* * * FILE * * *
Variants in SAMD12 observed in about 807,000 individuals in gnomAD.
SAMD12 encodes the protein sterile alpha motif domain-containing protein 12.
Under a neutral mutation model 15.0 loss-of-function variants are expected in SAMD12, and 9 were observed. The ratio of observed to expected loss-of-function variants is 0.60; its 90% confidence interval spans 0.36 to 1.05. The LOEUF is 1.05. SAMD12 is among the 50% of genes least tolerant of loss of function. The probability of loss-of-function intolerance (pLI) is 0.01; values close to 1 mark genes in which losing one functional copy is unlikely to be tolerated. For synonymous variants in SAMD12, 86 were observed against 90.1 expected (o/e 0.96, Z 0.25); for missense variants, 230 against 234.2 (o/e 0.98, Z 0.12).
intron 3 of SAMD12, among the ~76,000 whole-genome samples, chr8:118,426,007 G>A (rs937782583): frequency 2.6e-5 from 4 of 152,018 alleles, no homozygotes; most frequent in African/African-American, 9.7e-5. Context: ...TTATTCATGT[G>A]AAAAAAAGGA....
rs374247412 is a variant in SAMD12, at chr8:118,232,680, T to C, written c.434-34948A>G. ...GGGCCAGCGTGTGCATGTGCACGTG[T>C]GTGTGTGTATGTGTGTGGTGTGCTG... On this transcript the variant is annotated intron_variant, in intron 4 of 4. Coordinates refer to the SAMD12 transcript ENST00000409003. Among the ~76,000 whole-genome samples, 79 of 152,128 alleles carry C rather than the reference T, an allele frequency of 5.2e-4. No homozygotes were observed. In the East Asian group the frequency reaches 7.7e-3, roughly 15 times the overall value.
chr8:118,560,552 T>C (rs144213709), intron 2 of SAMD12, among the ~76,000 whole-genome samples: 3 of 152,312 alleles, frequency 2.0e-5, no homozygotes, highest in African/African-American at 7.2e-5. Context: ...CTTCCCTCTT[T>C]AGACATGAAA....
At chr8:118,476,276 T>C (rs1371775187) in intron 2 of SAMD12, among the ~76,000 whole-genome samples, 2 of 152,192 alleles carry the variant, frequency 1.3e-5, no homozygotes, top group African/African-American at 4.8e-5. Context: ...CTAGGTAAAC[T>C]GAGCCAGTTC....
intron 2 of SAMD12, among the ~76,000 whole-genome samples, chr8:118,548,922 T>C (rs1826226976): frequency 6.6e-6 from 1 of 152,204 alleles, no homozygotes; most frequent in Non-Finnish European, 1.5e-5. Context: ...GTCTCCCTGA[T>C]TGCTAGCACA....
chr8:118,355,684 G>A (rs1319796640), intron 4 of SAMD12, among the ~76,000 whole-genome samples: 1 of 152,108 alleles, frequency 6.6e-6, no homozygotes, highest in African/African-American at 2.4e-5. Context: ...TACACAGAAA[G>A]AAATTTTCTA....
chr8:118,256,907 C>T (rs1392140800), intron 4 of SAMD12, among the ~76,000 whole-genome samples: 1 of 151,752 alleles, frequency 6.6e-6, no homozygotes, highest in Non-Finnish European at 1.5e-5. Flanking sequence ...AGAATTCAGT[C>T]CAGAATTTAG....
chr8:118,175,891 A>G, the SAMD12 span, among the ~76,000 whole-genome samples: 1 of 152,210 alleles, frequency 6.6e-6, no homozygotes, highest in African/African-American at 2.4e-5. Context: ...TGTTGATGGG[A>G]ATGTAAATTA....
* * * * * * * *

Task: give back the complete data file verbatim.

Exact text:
Variants in SAMD12 observed in about 807,000 individuals in gnomAD.
SAMD12 encodes the protein sterile alpha motif domain-containing protein 12.
Under a neutral mutation model 15.0 loss-of-function variants are expected in SAMD12, and 9 were observed. The ratio of observed to expected loss-of-function variants is 0.60; its 90% confidence interval spans 0.36 to 1.05. The LOEUF is 1.05. SAMD12 is among the 50% of genes least tolerant of loss of function. The probability of loss-of-function intolerance (pLI) is 0.01; values close to 1 mark genes in which losing one functional copy is unlikely to be tolerated. For synonymous variants in SAMD12, 86 were observed against 90.1 expected (o/e 0.96, Z 0.25); for missense variants, 230 against 234.2 (o/e 0.98, Z 0.12).
intron 3 of SAMD12, among the ~76,000 whole-genome samples, chr8:118,426,007 G>A (rs937782583): frequency 2.6e-5 from 4 of 152,018 alleles, no homozygotes; most frequent in African/African-American, 9.7e-5. Context: ...TTATTCATGT[G>A]AAAAAAAGGA....
rs374247412 is a variant in SAMD12, at chr8:118,232,680, T to C, written c.434-34948A>G. ...GGGCCAGCGTGTGCATGTGCACGTG[T>C]GTGTGTGTATGTGTGTGGTGTGCTG... On this transcript the variant is annotated intron_variant, in intron 4 of 4. Coordinates refer to the SAMD12 transcript ENST00000409003. Among the ~76,000 whole-genome samples, 79 of 152,128 alleles carry C rather than the reference T, an allele frequency of 5.2e-4. No homozygotes were observed. In the East Asian group the frequency reaches 7.7e-3, roughly 15 times the overall value.
chr8:118,560,552 T>C (rs144213709), intron 2 of SAMD12, among the ~76,000 whole-genome samples: 3 of 152,312 alleles, frequency 2.0e-5, no homozygotes, highest in African/African-American at 7.2e-5. Context: ...CTTCCCTCTT[T>C]AGACATGAAA....
At chr8:118,476,276 T>C (rs1371775187) in intron 2 of SAMD12, among the ~76,000 whole-genome samples, 2 of 152,192 alleles carry the variant, frequency 1.3e-5, no homozygotes, top group African/African-American at 4.8e-5. Context: ...CTAGGTAAAC[T>C]GAGCCAGTTC....
intron 2 of SAMD12, among the ~76,000 whole-genome samples, chr8:118,548,922 T>C (rs1826226976): frequency 6.6e-6 from 1 of 152,204 alleles, no homozygotes; most frequent in Non-Finnish European, 1.5e-5. Context: ...GTCTCCCTGA[T>C]TGCTAGCACA....
chr8:118,355,684 G>A (rs1319796640), intron 4 of SAMD12, among the ~76,000 whole-genome samples: 1 of 152,108 alleles, frequency 6.6e-6, no homozygotes, highest in African/African-American at 2.4e-5. Context: ...TACACAGAAA[G>A]AAATTTTCTA....
chr8:118,256,907 C>T (rs1392140800), intron 4 of SAMD12, among the ~76,000 whole-genome samples: 1 of 151,752 alleles, frequency 6.6e-6, no homozygotes, highest in Non-Finnish European at 1.5e-5. Flanking sequence ...AGAATTCAGT[C>T]CAGAATTTAG....
chr8:118,175,891 A>G, the SAMD12 span, among the ~76,000 whole-genome samples: 1 of 152,210 alleles, frequency 6.6e-6, no homozygotes, highest in African/African-American at 2.4e-5. Context: ...TGTTGATGGG[A>G]ATGTAAATTA....